chapter
24 Pages

6

ByJenny Rees, Diana Trilling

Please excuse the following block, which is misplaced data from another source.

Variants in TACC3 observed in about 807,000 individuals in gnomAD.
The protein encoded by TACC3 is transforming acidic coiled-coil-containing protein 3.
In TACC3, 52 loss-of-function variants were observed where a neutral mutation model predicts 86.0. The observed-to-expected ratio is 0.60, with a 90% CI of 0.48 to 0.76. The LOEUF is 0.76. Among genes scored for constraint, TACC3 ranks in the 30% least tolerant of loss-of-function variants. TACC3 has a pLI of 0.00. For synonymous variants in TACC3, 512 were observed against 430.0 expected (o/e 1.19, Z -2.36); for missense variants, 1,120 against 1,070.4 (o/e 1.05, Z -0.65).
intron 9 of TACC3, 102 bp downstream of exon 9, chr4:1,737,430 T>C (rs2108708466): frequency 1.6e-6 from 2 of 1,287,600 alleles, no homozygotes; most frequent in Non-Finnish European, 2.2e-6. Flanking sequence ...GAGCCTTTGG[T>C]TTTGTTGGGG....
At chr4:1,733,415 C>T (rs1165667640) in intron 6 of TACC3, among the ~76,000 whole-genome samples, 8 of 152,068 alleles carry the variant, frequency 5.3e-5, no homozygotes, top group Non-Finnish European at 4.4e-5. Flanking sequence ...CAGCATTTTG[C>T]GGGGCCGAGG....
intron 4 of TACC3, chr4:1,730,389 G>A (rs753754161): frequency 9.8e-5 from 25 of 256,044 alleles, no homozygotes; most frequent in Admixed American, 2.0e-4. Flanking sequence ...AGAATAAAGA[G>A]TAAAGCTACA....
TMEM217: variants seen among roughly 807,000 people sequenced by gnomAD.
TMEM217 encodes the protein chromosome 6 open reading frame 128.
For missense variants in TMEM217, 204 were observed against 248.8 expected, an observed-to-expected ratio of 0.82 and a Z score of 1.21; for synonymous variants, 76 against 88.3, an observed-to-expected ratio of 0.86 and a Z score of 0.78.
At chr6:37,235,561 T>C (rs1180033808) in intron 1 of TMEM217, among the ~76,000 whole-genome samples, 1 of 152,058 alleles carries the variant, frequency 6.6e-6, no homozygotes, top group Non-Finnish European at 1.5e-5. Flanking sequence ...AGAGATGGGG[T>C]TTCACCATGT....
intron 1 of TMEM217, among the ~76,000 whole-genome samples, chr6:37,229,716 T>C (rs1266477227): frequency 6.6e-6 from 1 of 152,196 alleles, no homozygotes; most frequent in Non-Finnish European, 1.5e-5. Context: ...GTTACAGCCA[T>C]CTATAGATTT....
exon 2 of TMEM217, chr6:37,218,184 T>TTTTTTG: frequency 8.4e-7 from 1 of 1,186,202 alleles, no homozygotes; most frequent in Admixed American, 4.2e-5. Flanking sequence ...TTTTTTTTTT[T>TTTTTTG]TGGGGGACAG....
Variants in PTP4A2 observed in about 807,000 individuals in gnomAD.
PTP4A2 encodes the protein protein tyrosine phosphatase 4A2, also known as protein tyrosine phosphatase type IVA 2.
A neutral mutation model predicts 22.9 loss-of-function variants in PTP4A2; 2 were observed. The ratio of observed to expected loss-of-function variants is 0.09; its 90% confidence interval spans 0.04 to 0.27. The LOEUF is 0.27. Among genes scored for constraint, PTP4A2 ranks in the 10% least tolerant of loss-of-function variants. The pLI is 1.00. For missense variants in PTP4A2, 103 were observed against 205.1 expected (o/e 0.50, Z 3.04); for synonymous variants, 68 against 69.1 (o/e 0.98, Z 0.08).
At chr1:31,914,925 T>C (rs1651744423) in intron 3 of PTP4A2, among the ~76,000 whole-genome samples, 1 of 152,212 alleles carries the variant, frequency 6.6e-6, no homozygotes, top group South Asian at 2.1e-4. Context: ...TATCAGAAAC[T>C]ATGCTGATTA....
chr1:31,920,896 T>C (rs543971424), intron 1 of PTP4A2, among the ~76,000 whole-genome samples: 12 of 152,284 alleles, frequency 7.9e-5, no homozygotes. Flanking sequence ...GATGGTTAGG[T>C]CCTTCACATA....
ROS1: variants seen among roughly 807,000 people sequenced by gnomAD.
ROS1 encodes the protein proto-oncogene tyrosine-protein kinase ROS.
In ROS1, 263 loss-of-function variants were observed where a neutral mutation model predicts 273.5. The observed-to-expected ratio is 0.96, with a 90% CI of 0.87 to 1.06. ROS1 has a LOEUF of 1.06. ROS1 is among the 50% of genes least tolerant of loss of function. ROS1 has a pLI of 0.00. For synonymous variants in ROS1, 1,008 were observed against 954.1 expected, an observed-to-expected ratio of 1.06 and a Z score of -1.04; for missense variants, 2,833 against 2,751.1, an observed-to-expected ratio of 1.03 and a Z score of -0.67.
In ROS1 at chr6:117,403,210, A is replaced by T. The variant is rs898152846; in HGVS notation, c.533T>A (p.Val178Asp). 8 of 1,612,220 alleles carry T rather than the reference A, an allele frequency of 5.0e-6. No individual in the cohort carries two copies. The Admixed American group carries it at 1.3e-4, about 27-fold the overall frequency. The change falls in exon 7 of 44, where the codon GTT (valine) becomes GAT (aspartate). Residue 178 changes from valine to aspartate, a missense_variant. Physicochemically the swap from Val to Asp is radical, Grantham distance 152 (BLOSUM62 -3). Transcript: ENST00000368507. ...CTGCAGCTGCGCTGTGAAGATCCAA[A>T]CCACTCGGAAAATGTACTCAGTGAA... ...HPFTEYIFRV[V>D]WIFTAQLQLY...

Damn the appeasers ... If they were not going to fight the Germans, Rees was. On 20 April 1939 he went to Handel Street in Bloomsbury, near the offices of The Spectator, and joined the Royal Artillery Territorial Army. He was posted to the 90th Field Regiment and given the number 903013. He had taken himself by surprise as well as his friends. He thought it was ‘one of the most unlikely acts I could ever commit, like climbing Everest or joining a leper colony ...’ But the step also had for him, he said, the kind of attraction, criminal and seductive, ‘which the acte gratuit had for Lafcadio in Les Caves du Vatican’. As for his friends, he remarked later, it was the criminal nature of the act which struck them most strongly; its seductiveness they could not understand. But, Rees argued, he had spent two years trying to persuade people that it was imperative to resist the advance of National Socialism, by fighting if necessary, and since the time seemed to have arrived, he thought he ought to accept the consequences. Guy, he recalled, regarded it as a ‘foolish and romantic gesture’, even treachery, to fight for a government as detestable as Mr Chamberlain’s. Indeed, given his outpourings on the ‘working class’ and the ‘proletariat’, and well aware that war was a state of affairs from which the masses had the most to lose and the least to gain, my father did feel guilty about joining an army that served a government led by Chamberlain. Fighting for the Conservative Government, he said, felt like going to fight for the Devil.